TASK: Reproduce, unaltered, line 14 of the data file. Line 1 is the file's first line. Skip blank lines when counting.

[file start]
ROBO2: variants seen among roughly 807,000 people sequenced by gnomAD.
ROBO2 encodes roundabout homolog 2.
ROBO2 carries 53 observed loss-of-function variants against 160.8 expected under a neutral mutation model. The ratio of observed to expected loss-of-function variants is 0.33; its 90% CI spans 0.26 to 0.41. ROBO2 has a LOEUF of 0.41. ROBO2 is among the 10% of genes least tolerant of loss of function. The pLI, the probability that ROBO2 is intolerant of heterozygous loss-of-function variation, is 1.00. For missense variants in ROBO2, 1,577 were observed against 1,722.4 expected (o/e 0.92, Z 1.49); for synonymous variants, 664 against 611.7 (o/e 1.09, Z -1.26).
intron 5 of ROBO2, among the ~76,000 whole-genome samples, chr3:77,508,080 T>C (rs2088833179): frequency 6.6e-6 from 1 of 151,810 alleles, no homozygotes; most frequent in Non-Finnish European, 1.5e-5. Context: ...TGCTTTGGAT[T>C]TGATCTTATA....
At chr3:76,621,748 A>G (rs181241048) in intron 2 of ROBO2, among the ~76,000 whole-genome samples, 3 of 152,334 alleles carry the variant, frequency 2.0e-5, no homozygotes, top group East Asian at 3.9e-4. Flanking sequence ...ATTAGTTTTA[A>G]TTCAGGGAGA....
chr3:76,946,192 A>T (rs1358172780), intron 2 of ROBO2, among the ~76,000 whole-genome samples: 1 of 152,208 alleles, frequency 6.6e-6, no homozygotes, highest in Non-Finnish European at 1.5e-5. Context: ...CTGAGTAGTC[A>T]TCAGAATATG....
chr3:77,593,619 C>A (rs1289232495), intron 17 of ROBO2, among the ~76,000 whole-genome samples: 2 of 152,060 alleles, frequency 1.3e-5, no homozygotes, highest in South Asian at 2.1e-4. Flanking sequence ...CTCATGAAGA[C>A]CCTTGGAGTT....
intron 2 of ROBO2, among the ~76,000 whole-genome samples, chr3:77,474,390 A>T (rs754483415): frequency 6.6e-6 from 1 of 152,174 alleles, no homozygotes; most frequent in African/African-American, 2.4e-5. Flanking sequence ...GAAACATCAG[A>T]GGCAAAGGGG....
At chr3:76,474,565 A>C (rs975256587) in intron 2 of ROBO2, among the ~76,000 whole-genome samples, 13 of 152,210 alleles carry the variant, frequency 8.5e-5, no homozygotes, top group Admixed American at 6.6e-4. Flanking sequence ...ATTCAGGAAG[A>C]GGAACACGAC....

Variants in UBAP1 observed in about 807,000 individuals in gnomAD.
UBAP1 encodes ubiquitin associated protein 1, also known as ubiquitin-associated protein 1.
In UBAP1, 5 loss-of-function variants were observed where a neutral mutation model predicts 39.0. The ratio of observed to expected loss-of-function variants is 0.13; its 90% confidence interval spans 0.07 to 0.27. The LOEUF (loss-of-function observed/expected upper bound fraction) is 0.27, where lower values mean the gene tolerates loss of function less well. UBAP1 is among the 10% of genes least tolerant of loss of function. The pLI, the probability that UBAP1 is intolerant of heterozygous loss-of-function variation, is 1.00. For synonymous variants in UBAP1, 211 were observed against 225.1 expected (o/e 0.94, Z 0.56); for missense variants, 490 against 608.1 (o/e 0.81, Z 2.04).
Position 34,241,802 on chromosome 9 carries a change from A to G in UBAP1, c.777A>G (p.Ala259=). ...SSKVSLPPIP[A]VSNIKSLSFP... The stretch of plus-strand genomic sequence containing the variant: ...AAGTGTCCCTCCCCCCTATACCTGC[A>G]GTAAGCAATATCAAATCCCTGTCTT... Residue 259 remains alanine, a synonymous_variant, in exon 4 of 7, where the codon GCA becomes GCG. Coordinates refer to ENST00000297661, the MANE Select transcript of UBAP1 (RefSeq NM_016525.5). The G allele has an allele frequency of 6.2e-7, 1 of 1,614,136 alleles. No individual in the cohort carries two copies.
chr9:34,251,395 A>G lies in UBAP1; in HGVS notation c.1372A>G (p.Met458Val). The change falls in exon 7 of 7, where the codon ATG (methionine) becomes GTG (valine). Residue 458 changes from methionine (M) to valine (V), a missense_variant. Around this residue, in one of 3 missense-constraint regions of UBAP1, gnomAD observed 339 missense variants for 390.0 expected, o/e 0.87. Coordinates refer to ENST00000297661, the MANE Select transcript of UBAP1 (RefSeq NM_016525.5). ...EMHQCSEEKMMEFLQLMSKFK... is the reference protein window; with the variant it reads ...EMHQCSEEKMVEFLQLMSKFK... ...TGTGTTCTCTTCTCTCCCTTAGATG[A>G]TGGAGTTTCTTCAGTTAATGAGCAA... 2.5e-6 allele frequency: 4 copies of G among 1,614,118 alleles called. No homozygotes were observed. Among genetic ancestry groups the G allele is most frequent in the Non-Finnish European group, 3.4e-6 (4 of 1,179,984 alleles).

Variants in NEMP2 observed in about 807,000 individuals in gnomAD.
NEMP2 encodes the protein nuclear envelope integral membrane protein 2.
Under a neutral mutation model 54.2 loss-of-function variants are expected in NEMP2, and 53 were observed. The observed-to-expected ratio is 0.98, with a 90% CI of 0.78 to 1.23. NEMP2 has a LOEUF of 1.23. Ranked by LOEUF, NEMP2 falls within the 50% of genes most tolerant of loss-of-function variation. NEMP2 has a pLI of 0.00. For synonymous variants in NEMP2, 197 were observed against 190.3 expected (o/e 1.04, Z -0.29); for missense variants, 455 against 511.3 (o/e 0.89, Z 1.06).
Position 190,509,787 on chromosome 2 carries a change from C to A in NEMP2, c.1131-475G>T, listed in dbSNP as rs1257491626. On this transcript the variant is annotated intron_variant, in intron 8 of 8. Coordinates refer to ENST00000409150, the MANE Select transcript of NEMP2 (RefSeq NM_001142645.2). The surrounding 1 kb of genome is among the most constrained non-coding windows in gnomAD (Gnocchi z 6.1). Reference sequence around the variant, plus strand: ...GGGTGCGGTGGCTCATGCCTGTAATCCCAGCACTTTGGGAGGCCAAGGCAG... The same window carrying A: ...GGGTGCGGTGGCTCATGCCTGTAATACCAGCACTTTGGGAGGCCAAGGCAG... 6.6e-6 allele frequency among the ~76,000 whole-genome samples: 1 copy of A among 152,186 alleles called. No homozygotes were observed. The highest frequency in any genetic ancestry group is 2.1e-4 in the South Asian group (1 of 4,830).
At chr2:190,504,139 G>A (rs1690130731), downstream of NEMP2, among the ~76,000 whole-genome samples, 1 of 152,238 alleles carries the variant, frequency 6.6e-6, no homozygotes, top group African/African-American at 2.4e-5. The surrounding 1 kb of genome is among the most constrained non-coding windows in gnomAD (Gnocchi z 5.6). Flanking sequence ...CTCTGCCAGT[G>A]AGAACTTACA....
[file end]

chr9:34,251,395 A>G lies in UBAP1; in HGVS notation c.1372A>G (p.Met458Val). The change falls in exon 7 of 7, where the codon ATG (methionine) becomes GTG (valine). Residue 458 changes from methionine (M) to valine (V), a missense_variant. Around this residue, in one of 3 missense-constraint regions of UBAP1, gnomAD observed 339 missense variants for 390.0 expected, o/e 0.87. Coordinates refer to ENST00000297661, the MANE Select transcript of UBAP1 (RefSeq NM_016525.5). ...EMHQCSEEKMMEFLQLMSKFK... is the reference protein window; with the variant it reads ...EMHQCSEEKMVEFLQLMSKFK... ...TGTGTTCTCTTCTCTCCCTTAGATG[A>G]TGGAGTTTCTTCAGTTAATGAGCAA... 2.5e-6 allele frequency: 4 copies of G among 1,614,118 alleles called. No homozygotes were observed. Among genetic ancestry groups the G allele is most frequent in the Non-Finnish European group, 3.4e-6 (4 of 1,179,984 alleles).